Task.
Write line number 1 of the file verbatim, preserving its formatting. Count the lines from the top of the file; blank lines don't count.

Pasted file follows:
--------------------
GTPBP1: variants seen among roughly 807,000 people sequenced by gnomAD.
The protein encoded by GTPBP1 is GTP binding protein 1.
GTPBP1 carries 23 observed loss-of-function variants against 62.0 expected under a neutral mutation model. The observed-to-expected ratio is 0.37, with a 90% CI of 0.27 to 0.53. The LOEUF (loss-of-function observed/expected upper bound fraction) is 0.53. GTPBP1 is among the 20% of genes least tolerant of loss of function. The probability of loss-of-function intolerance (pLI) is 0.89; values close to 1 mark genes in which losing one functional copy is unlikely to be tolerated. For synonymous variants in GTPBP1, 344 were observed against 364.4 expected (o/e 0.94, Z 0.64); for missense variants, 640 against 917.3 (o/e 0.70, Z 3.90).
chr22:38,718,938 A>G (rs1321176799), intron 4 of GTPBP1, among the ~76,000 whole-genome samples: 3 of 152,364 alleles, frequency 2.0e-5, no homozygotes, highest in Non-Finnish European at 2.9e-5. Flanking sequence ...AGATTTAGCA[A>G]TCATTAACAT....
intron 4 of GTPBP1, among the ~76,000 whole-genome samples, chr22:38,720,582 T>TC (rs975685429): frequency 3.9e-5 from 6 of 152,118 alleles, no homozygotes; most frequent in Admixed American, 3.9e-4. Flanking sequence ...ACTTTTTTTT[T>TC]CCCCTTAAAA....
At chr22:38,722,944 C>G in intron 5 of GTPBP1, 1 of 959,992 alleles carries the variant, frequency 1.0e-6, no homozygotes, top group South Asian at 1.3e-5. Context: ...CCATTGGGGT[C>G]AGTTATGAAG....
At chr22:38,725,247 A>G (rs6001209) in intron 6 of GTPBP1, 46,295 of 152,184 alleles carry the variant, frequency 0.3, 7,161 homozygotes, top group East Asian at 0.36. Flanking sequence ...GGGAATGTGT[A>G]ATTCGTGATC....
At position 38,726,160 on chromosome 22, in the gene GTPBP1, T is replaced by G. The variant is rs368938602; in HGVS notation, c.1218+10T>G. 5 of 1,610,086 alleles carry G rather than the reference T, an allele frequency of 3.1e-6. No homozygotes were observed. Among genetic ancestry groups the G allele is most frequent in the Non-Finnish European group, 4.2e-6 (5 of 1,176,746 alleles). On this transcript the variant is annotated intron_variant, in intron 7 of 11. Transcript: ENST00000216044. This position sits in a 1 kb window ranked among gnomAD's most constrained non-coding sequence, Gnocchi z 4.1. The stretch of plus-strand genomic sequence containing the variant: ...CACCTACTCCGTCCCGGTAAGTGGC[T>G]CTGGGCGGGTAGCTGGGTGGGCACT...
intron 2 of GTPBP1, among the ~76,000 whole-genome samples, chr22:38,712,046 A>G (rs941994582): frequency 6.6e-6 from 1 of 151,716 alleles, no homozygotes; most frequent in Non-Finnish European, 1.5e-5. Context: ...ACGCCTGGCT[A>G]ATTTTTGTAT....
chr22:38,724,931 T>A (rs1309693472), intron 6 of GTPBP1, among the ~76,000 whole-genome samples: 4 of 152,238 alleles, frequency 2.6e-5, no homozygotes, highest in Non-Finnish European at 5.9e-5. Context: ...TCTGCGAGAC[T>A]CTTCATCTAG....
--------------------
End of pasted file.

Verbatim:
GTPBP1: variants seen among roughly 807,000 people sequenced by gnomAD.